Why Most Sales Reps Keep Giving It Away

WhyRepsKeepGivingItAway_Compressed Just listen and you’ll hear it. Towards the latter end of most calls the sales reps starts saying things like, “OK, I’ll send you this”. Or, “sure, I’m happy to set up that demo”. Or, maybe, “no problem setting up the next meeting and I’ll be sure to bring along our technical expert to talk with you”. It happens a lot.

You might be thinking big deal; or so, what – isn’t that how sales people are supposed to advance the sale? But what you may not realize is the cost of their commitments.

In many ways, sales people are unique in that organizations bestow upon them great discretion over company resources. They have tremendous latitude in determining how to allocate your company’s scarce (e.g. expensive) resources.

In my experiences most sales individuals simply agree to whatever the prospect asks for; effectively giving away company resources; spending company money. They do so for a variety of reasons including…

  • Responsiveness: Most sales reps want to be perceived as responsive; meeting prospects/customer needs. To do so, they agree to do things/give things away.
  • Feeling inferior: Many reps feel the prospect/customer has all the power in the buyer/seller relationship. If they don’t “jump through the hoops”, someone else will and then they’ll have lost that opportunity.

For many companies (especially technology companies) there comes a stage in the sales cycle where a demonstration of the system/software is totally appropriate. But, do you know what it costs to conduct a really good demo; a demo that’ll win you the business? And I’m not talking just the direct costs such as travel expenses. I’m talking the fully-burdened cost when you factor in labor rates, overhead, travel, prep time, etc.? For many of my clients who employ top flight talent (and compensate them accordingly) these demos can run $10,000+.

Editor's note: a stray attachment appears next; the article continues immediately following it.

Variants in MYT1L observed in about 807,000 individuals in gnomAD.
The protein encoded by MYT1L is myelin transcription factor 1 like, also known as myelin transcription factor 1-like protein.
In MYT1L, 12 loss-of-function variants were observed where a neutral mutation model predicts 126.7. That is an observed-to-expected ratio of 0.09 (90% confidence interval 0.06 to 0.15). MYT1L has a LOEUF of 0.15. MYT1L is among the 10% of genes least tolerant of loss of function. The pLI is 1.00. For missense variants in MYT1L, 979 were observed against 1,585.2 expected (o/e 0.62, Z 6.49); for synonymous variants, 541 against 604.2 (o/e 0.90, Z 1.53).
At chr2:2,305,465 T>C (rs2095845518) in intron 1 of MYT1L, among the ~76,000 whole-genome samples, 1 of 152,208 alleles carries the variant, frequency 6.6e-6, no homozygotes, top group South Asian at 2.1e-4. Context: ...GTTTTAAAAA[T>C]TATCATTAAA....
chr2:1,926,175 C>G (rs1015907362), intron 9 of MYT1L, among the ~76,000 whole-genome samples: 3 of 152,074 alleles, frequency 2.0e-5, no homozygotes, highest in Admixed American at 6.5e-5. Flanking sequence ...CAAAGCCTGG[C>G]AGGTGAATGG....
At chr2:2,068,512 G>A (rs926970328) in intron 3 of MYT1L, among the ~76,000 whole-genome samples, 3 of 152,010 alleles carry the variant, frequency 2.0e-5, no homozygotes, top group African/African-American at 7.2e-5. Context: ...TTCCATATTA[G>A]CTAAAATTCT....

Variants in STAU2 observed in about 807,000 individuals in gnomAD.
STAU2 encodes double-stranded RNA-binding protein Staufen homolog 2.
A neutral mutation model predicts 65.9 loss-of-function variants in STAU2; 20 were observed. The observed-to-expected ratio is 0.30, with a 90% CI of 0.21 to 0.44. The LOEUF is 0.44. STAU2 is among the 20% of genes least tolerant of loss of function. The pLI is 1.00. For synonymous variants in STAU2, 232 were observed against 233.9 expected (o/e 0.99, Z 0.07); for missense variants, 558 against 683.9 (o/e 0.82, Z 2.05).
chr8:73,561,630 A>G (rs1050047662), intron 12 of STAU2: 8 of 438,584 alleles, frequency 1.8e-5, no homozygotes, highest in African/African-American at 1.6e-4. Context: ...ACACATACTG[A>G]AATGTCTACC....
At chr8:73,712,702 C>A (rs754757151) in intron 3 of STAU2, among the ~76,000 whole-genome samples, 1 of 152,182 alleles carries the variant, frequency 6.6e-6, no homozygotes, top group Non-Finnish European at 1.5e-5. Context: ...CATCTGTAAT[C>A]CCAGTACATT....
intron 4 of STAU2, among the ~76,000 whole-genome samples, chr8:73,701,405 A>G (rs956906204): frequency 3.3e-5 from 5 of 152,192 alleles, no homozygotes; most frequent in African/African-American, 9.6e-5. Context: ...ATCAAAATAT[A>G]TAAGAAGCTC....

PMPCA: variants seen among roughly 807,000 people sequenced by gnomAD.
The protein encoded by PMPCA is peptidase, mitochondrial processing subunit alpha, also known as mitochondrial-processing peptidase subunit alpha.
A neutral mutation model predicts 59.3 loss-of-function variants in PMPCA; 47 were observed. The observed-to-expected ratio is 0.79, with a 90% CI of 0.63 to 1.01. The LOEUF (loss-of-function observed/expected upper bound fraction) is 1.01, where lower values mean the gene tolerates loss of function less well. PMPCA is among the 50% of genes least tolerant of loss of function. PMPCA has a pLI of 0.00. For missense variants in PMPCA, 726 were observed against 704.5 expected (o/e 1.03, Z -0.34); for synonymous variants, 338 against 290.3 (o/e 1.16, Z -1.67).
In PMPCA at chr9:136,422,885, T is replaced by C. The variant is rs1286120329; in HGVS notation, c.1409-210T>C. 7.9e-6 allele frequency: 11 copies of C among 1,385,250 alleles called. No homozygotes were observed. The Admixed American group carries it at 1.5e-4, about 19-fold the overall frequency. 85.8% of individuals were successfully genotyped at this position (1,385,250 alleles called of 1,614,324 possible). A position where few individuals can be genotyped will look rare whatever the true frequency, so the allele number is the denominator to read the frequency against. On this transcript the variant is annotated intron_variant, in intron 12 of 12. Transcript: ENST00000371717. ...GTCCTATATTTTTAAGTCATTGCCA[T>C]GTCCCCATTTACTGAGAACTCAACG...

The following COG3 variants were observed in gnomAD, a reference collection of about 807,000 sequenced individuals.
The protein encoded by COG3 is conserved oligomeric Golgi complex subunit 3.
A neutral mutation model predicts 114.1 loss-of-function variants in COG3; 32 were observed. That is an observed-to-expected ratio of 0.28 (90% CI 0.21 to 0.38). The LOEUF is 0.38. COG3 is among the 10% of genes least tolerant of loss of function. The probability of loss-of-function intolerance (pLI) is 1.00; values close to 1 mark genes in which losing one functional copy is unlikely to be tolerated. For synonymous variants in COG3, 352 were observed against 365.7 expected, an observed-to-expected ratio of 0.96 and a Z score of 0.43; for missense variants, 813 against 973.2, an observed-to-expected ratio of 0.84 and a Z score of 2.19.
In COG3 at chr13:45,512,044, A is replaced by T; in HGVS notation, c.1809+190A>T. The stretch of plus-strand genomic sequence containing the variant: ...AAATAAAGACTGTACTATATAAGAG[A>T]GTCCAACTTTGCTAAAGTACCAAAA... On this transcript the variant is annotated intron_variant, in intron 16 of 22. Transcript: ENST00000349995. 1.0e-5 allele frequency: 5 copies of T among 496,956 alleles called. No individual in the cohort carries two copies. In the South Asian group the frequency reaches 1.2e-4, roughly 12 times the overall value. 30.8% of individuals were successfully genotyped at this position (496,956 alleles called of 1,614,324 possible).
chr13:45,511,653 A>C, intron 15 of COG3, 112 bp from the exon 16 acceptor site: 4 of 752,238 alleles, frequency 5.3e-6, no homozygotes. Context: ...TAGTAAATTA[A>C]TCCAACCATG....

Giving away company resources was something that I did too when I worked at large organizations. That’s what most of my fellow reps did. After an initial conversation with a prospect (sometimes even during the initial meeting) I’d agree to set up a demonstration or bring in our technical experts as a way to advance the sales cycle. I too was “giving it away”.

“A person that does not value your time will not value your advice.”
Orrin Woodward

But the key point is that I never asked for anything in return. I never really thought about the cost or value of those resources – well, because, I never bore the cost of providing them. They were “company” resources that were there for the taking.

When I began running my own business, the cost of giving away resources really hit me. Now, it’s not “the company” who bears that cost, it’s me. Those costs, both direct and indirect, come from my wallet. This was a major wake-up call as before I never really thought about it.

So now, when a prospect asks me to travel to their location and give a presentation, I temper the inherent joy that I feel (oh boy, the sale is advancing!) with a dose of cost accounting; the fully burdened cost of the trip including both hard costs (flight, car rental, hotel, etc.) combined with the soft costs (my time, lost opportunity cost, etc.). When it’s your money (or think of it as your money), you look at it differently.

Then, I think and ask myself, “if I’m going to make this commitment, what do I want in return”? Maybe it’s a discovery call with the other stakeholders. Maybe more insight on my competition. Maybe confirmation that all the key individuals will be at the presentation. Whatever it is, the key point is that I ask for something in return whenever I’m asked to give something.

Asking for something in return changes the rules of engagement in a very subtle yet important way. No longer am I the lowly sales rep willing to give away resources; one who’ll jump at every request being made of me. Rather, I’m an empowered individual who values his resources and won’t just give it away. Prospects sense this business-like approach and, in my experiences, give greater respect to you and your company.

Now, I’m not saying you should negotiate everything. If they ask for something that is easy to provide, like a white paper or spec sheet, give it. However, if they ask for something that is valuable to you or your company (detailed demonstrations, reference visit, etc.), be sure to ask for something of commensurate value in return. Doing so will place you in that upper echelon of sales professionals; one who thinks, and acts, like a business owner.